There is something a little bit confusing to me between papers dealing with the theory of external slope compensation in current mode control of SMPS and application notes dealing with implementation (Practical side) of current mode SMPS.

*In the theory, when we talk about external ramp compensation, we draw it on the graphs as a ramp with a negative slope (it is like if we subtract some amount of current from the inductor current). I understand that we have to inject an external ramp with a negative slope. enter image description here

*In practice, as I have seen it in many applications, like MCP1630 from microchicp, or "designing ramp compensation NCP1200 from ONSEMI", the ramp is designed from a driver signal (square wave) using a simple way by an RC circuit and a diode like the one shown bellow. enter image description here The ramp generated by this circuit with a positive slope is directly injected to the sense current pin of the IC using two resistors to add the inductor current and the ramp signal.

So my question is: What did I miss from the two descriptions. Why do we talk in theory about injecting ramp Se with a negative slope to get rid of sub-harmonics, and in practice we add a ramp Se with a positive slope?

  • \$\begingroup\$ a negative ramp added into one input of a comparator is the same as a positive ramp into the other input. Can you verify whether you're talking about the same sense input? \$\endgroup\$
    – Neil_UK
    Apr 11 '20 at 10:42
  • \$\begingroup\$ The ICs have one input pin for current sensing and and external ramp addition, for example if you look to the data sheet of MCP1630, will confirm that \$\endgroup\$ Apr 11 '20 at 10:49

Both approaches are mathematically similar. The below drawing shows how subtracting a voltage ramp from the feedback pin (or adding a negative ramp to the feedback pin) is similar to adding the same ramp to the current-sense information:

enter image description here

In the first case, you reduce the duty ratio by dynamically reducing the setpoint within the switching period. As such, the current sense voltage will meet the toggling point sooner since the setpoint is falling. The comparator trips, imposing a smaller duty ratio than without an external ramp.

In the right-side illustration, the setpoint is fixed but you "accelerate" the ramping voltage by adding another external ramp to it. Similarly as in the above, the resulting waveform will touch the fixed setpoint sooner, effectively reducing the duty ratio.

In both cases, you "fool" the comparator by making it believe there is more voltage developed across the sense resistance \$R_i\$. As you add an artificial ramp \$S_e\$, the modulator gain which is \$G_{PWM}=\frac{1}{(S_e+S_n)T_{sw}}\$ reduces in the current loop path and forces crossover at a lower point where phase margin is improved. As a result, the sub-harmonic poles present in the control-to-output transfer function are damped, reducing the peaking at half the switching frequency.

The \$RCD\$ method you have shown and used in the NCP1200 is a way to produce a quasi-linear ramp from a low-resistance source, the drive output. As such, the ramp can also be of low impedance and the noise immunity of the whole supply improves. This technique - proposed by Ray Ridley in 1990 - was offering a better performance than the solution promoted by Unitrode at that time which consisted of buffering the oscillator ramp and injecting the signal in the CS pin. However, an oscillator deals with low currents and trying to play with this sensitive circuit by adding an emitter follower was often causing problems hence this alternate solution. Modern ICs now either include internal slope compensation or lets you adjust it via a resistance in series with the CS pin (see NCP1250 for instance).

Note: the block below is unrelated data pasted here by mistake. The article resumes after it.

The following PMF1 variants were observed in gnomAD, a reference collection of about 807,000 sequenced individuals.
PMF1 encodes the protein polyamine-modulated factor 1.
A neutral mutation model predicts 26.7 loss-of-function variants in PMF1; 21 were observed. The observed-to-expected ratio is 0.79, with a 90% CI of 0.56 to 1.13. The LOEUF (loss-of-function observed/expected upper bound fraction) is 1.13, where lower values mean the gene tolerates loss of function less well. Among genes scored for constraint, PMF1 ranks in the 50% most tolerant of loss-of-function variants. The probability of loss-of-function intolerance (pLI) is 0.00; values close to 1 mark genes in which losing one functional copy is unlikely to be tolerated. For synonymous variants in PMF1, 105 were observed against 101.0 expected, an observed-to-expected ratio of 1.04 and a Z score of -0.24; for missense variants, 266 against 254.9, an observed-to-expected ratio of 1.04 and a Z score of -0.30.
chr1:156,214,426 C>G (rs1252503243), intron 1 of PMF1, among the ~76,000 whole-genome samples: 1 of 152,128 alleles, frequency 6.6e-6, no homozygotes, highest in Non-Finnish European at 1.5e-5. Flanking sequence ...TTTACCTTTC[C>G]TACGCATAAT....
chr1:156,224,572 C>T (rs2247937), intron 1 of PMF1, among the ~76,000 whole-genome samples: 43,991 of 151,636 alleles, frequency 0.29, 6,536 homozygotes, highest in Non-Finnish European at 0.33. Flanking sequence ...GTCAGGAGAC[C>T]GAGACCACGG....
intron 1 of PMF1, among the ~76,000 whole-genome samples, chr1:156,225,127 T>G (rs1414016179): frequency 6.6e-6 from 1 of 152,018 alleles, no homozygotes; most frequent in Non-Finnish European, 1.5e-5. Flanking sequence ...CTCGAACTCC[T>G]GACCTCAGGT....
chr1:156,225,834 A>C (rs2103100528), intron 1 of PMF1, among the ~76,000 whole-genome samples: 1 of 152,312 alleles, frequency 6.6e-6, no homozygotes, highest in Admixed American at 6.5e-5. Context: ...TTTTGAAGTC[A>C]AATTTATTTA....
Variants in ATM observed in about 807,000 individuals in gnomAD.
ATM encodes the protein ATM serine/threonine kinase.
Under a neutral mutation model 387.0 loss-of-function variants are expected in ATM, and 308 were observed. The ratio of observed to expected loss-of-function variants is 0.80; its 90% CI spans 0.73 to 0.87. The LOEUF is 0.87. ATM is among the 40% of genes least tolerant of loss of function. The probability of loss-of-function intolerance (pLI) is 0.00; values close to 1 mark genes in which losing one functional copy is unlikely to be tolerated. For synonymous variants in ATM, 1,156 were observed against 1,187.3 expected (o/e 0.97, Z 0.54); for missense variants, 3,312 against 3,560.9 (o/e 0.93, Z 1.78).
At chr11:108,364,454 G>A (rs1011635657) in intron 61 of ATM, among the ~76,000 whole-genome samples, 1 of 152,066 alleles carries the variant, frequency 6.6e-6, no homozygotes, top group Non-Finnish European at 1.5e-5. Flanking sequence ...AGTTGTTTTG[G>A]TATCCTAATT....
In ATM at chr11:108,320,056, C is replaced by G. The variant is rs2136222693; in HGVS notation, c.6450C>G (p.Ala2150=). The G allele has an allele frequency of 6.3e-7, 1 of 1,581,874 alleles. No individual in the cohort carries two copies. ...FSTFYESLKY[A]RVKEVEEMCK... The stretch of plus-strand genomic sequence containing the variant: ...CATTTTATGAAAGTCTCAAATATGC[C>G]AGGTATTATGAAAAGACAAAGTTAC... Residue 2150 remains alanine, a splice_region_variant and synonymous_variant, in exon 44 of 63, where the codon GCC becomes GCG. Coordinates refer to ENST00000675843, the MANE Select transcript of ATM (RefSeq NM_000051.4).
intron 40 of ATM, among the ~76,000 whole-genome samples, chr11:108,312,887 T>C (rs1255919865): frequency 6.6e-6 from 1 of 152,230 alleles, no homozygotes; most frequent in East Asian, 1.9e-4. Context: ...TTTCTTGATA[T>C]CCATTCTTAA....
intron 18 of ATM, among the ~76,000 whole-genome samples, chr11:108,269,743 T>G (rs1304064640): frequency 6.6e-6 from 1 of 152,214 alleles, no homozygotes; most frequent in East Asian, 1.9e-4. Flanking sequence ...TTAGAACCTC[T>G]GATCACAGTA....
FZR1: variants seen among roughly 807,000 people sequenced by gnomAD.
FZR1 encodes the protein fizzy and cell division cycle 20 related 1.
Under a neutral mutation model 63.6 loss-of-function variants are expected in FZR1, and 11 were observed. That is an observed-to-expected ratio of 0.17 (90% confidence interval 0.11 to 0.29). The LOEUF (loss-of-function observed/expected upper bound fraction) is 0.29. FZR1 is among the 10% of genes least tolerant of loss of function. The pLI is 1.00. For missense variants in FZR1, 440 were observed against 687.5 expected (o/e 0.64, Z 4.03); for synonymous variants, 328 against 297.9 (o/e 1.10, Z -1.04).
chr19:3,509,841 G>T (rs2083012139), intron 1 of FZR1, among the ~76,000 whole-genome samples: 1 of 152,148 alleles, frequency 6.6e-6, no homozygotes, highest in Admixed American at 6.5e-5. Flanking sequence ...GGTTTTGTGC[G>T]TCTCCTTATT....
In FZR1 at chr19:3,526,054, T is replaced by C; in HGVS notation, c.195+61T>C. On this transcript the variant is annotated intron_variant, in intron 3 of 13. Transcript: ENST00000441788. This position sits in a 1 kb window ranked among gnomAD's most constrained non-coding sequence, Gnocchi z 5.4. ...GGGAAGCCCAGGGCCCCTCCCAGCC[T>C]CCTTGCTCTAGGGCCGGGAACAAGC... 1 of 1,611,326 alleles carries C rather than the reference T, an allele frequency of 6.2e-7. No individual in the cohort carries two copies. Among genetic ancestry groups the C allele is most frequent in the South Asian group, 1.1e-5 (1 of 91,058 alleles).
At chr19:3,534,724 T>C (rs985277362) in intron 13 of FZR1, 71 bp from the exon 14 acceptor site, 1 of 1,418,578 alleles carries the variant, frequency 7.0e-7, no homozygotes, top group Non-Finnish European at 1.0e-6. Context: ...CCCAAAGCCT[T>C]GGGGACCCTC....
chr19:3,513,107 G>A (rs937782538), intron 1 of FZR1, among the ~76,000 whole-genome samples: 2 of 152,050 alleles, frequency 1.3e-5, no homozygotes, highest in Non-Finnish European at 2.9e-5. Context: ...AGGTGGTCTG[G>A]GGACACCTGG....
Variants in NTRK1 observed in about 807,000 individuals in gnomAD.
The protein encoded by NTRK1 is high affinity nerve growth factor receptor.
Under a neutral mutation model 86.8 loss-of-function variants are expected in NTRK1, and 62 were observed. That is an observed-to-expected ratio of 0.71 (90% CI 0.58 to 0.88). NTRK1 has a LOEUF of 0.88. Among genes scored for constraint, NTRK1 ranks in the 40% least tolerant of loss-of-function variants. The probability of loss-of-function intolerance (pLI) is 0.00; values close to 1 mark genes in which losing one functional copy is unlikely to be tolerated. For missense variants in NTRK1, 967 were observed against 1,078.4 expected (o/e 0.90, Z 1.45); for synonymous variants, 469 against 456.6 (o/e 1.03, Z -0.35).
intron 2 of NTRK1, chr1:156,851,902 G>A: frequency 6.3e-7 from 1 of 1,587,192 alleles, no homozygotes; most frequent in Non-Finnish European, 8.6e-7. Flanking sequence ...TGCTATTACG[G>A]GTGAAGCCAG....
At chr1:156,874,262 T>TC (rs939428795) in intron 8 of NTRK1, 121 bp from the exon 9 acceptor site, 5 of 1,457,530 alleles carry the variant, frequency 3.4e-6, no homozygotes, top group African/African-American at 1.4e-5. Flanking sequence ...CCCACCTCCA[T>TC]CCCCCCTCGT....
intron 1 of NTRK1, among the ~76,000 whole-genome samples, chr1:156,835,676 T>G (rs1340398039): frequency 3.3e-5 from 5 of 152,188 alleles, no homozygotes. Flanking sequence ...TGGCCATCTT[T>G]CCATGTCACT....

I thought it would be useful to add another sketch with a duty ratio calculation in both cases. In the first one, the ramp subtracts from the setpoint \$V_c\$ imposed by the control loop. In the second case, the ramp is added to the current-sense information and the converter believes there is enough voltage across the sense resistance. Please note that the maximum peak current capability if affected by the amount of injected ramp. It is very likely that the power supply output current capability is reduced once slope compensation is added so something to keep in mind during laboratory experiments:

enter image description here

The below Mathcad sheet shows a quick numerical example for determining how the duty ratio is affected by the injection of an artificial ramp. I took a boost converter in this case. Regardless how you do it - subtract or add - it results with the same duty ratio and peak current. Keep in mind that adding too much ramp to the converter degrades the peak-current-mode operation and turns the control method into a voltage-mode type. Simply put, without ramp, the controller decides to interrupt the switch current based on the inductor current as the ramp is of negligible amplitude but if you add more ramp, then the decision is taken based on the external ramp amplitude (like in voltage mode) more than on the inductor current amplitude as its contribution has become small.

enter image description here

  • \$\begingroup\$ Thanks a lot, your explanation clarified to me the whole issue, so the key point is the addition of a ramp signal to the current sense pin or subtraction of the same ramp from the feedback set point pin. \$\endgroup\$ Apr 11 '20 at 14:32
  • \$\begingroup\$ Very useful addendum, Thanks for the endeavor \$\endgroup\$ Apr 12 '20 at 14:51
  • \$\begingroup\$ Glad if I could modestly shed some light on this subject! \$\endgroup\$ Apr 12 '20 at 15:22

Your Answer

By clicking “Post Your Answer”, you agree to our terms of service, privacy policy and cookie policy

Not the answer you're looking for? Browse other questions tagged or ask your own question.